Proper 19C’22 [Rally Day}
11 September 2022
Luke 15.1-10
St. Luke’s Episcopal Church
North Little Rock, Arkansas
The Rev. Carey Stone <+> 

Loving Shepherd who will not rest until all of your sheep have been found and brought safely into your fold: May we each be found by you, and then join with you in the joyful work of seeking and finding your sheep, one beautiful life at a time. Amen.

Do you remember a time or times in your life when you have gotten lost? I remember getting separated and lost from my mother in a large department store when I was 6 or 7. I can still remember the awful feelings of anxiety and fear, with the shot of adrenaline that caused my heart to beat faster and faster! Finally, after what was easily longest three to four minutes of my young life, she found her wandering and frightened child.

Many years later, my wife and I discovered that adults can also get lost. There was an important meeting at Holy Trinity Church in Hot Springs Village. As we drove up to the gate of the village, we were greeted by and older gentlemen who was the security guard and he asked us who we were going to see, we told him, and he asked if we knew how to get there, and we told him ‘No,’ but that we had our ‘trusty GPS to guide us.’ He quickly warned that a GPS could be very inaccurate in ‘The Village.’ We told him not to worry. As we drove passed the gate, I remember us looking at each other with one of those looks that can only be translated here in the south as “Bless his heart” he probably doesn’t understand the modern marvels of satellite technology. When we drove to the red dot where the church was supposed to be we were in a driveway of a private residence – no church! So, as we continued to meander the curvy and crooked streets of the village, still confident that we could find it. Minutes turned into an hour. We tried calling the church but there was no answer. We were experiencing the adult version of being lost, though not quite as primal as what I experienced as a child, it was none the less uncomfortable. When we finally did find the church, no thanks to our GPS, we discovered that the meeting had ended and people were leaving! When we are lost, our bodies give us clues that something isn’t right with the present situation of separation. Once we are either found by someone, or we, through trial and error find our destination, our adrenaline level decreases, our heart rate returns to a normal rhythm and we have a sense of relief.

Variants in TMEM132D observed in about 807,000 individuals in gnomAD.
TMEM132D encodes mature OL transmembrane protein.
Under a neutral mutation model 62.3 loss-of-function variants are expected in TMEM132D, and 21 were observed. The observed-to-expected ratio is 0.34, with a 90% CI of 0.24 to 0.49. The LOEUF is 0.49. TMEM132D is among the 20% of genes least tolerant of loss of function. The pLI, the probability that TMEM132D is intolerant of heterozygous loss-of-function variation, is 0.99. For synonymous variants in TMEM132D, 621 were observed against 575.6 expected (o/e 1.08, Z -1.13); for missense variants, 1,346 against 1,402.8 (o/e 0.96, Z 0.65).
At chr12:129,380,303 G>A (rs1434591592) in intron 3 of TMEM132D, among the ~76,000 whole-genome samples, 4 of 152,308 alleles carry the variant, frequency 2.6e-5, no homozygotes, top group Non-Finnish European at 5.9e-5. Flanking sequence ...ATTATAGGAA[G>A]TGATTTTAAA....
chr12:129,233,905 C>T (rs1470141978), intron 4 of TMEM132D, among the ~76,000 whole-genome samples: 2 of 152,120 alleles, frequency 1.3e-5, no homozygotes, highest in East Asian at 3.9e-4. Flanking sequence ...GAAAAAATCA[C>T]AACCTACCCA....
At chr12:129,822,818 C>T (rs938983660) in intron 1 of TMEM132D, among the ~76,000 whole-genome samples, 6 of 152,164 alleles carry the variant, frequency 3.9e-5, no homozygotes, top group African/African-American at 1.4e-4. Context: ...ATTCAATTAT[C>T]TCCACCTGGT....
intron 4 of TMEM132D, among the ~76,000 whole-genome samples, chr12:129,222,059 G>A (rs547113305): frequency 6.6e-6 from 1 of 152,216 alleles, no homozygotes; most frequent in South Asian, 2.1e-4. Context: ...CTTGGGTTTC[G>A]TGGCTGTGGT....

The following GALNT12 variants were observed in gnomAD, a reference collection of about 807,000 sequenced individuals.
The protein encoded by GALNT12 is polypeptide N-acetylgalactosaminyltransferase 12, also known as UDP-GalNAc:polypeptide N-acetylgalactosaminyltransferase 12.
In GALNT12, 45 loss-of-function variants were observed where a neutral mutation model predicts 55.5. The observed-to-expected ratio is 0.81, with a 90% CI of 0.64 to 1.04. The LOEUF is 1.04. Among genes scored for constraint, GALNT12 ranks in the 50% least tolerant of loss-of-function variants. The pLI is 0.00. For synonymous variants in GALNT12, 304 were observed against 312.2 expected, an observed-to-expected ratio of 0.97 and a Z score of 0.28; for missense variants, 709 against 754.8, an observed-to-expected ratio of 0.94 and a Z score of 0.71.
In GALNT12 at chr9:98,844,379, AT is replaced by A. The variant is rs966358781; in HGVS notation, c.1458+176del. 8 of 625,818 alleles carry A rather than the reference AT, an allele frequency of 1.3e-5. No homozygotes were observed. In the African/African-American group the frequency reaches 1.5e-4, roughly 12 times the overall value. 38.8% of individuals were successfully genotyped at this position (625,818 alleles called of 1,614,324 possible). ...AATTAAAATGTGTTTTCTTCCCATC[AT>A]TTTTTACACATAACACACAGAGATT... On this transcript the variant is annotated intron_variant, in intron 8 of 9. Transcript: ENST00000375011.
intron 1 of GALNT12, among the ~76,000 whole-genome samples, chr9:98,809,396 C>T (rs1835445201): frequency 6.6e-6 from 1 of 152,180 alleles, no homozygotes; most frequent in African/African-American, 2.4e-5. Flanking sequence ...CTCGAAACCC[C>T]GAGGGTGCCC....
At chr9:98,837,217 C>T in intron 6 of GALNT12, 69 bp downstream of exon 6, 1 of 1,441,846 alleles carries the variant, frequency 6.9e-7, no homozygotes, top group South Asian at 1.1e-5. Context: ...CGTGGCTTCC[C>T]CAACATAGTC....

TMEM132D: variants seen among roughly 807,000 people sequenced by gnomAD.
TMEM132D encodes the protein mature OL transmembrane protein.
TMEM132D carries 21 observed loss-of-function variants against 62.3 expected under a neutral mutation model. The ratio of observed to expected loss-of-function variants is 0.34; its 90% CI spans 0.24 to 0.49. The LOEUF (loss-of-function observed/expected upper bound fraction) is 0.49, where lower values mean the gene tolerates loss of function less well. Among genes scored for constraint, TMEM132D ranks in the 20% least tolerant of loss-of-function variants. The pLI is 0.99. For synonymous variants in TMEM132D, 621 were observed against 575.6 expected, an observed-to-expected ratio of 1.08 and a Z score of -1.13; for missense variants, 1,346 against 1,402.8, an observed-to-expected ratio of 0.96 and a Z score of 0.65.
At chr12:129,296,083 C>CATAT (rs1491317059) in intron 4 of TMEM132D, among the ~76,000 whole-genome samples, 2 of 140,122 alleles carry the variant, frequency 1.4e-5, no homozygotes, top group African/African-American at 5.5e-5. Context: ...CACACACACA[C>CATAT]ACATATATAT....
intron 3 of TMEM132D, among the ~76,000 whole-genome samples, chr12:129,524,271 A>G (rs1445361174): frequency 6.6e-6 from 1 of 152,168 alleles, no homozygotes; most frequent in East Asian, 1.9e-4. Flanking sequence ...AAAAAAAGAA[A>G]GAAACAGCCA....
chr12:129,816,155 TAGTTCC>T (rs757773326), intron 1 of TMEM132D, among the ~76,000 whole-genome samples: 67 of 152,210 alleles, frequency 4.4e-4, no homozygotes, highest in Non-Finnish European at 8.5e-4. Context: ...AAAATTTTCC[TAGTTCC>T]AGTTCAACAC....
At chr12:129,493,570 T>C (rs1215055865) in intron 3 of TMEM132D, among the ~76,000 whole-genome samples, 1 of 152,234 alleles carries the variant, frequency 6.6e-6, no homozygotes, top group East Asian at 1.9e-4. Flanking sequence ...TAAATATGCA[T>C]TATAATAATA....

About this time each year, and for at least a couple of hundred years, churches that are part of a mainline denomination, have something called “Rally Day.” It may not be a High Holy day like Christmas or Easter but is nonetheless important. We get a clue to its importance by looking at the etymology and definition of the word “Rally” – it comes from the 17th cen. French word, “Rallier” and it means, “to bring together into order again, by urgent effort, to reassemble to unite again.”[1]

After the separation of summer filled with traveling and vacations, we are summoned to return to church at the beginning of the school year and the church’s fall program. Rally Day reminds us that we are each important to God and wanted and needed by the Church. It will be our joy later in the service to welcome a new member, Sandy Coffey, a retired Latin teacher from California! Sandy symbolizes the One sheep that Jesus describes in his gospel parable, desired, needed, and sought.

I’ll never forget my first clergy conference after becoming a newly ordained priest. I was approached by an older priest nearing retirement, an Englishman by the name of Norman Amps. He reached out his hands and held my face in his hands, looked me in the eye and with a gleeful smile he said, “Ahh, a baby priest!” He then gave me a piece of sage advice, “Carey there will be many things you will be called on to do, and many people to serve as a priest but don’t forget the one thing, Jesus was always ministering to individuals.” Basically, he was telling me not to become so focused on the 99 sheep of the larger church that I forget the individual who needs reminding of how important to God they are.

We all can get lost from time to time, particularly after a two- and half-year period of pandemic; and become distracted and separated from what matters most – God’s kingdom of souls as well as our own souls! Rally Day is your personal summons to return from wandering to be reminded that you are desired, needed, and loved more than you can ever know.

The word “summons” comes from a 13th cen. French word and means, “to call, to send for, to ask the presence of.”[2] A summons is a call for us to ‘show up!’ and that is what Jesus, the Good Shepherd is doing, calling each of us to show up, to show up for God, for our families, for ourselves, for our communities, our schools, and our churches. Today, on this Rally Day how is the love of God summoning you to show up? As the poet Mary Oliver asks, “Tell me what is it you plan to do with your one wild and precious life?”